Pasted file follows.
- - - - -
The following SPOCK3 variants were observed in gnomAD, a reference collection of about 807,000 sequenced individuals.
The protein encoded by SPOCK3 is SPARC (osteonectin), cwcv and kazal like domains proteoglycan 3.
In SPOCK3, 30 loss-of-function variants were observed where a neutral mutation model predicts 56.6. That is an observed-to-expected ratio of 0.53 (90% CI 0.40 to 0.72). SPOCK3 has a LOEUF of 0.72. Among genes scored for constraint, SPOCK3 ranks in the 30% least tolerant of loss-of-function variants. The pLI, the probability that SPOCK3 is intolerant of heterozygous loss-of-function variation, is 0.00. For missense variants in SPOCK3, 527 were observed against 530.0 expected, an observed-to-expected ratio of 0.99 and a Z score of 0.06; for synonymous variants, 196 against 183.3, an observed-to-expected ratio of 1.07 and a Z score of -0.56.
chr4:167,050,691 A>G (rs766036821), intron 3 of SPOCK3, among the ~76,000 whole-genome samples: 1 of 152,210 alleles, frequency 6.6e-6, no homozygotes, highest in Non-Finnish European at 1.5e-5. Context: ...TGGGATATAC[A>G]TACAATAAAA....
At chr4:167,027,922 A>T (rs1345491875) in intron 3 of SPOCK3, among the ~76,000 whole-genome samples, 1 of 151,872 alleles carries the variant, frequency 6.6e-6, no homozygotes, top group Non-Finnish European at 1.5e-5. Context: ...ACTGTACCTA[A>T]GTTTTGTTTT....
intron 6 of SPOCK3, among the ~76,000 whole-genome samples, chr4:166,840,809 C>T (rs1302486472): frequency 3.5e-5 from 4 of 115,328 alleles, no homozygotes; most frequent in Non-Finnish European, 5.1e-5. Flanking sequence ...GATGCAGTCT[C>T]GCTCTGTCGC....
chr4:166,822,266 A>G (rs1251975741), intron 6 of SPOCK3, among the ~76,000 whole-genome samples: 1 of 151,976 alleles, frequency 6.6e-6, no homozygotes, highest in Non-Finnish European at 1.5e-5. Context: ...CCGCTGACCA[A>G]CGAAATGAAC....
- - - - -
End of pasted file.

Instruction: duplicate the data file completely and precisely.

The following SPOCK3 variants were observed in gnomAD, a reference collection of about 807,000 sequenced individuals.
The protein encoded by SPOCK3 is SPARC (osteonectin), cwcv and kazal like domains proteoglycan 3.
In SPOCK3, 30 loss-of-function variants were observed where a neutral mutation model predicts 56.6. That is an observed-to-expected ratio of 0.53 (90% CI 0.40 to 0.72). SPOCK3 has a LOEUF of 0.72. Among genes scored for constraint, SPOCK3 ranks in the 30% least tolerant of loss-of-function variants. The pLI, the probability that SPOCK3 is intolerant of heterozygous loss-of-function variation, is 0.00. For missense variants in SPOCK3, 527 were observed against 530.0 expected, an observed-to-expected ratio of 0.99 and a Z score of 0.06; for synonymous variants, 196 against 183.3, an observed-to-expected ratio of 1.07 and a Z score of -0.56.
chr4:167,050,691 A>G (rs766036821), intron 3 of SPOCK3, among the ~76,000 whole-genome samples: 1 of 152,210 alleles, frequency 6.6e-6, no homozygotes, highest in Non-Finnish European at 1.5e-5. Context: ...TGGGATATAC[A>G]TACAATAAAA....
At chr4:167,027,922 A>T (rs1345491875) in intron 3 of SPOCK3, among the ~76,000 whole-genome samples, 1 of 151,872 alleles carries the variant, frequency 6.6e-6, no homozygotes, top group Non-Finnish European at 1.5e-5. Context: ...ACTGTACCTA[A>T]GTTTTGTTTT....
intron 6 of SPOCK3, among the ~76,000 whole-genome samples, chr4:166,840,809 C>T (rs1302486472): frequency 3.5e-5 from 4 of 115,328 alleles, no homozygotes; most frequent in Non-Finnish European, 5.1e-5. Flanking sequence ...GATGCAGTCT[C>T]GCTCTGTCGC....
chr4:166,822,266 A>G (rs1251975741), intron 6 of SPOCK3, among the ~76,000 whole-genome samples: 1 of 151,976 alleles, frequency 6.6e-6, no homozygotes, highest in Non-Finnish European at 1.5e-5. Context: ...CCGCTGACCA[A>G]CGAAATGAAC....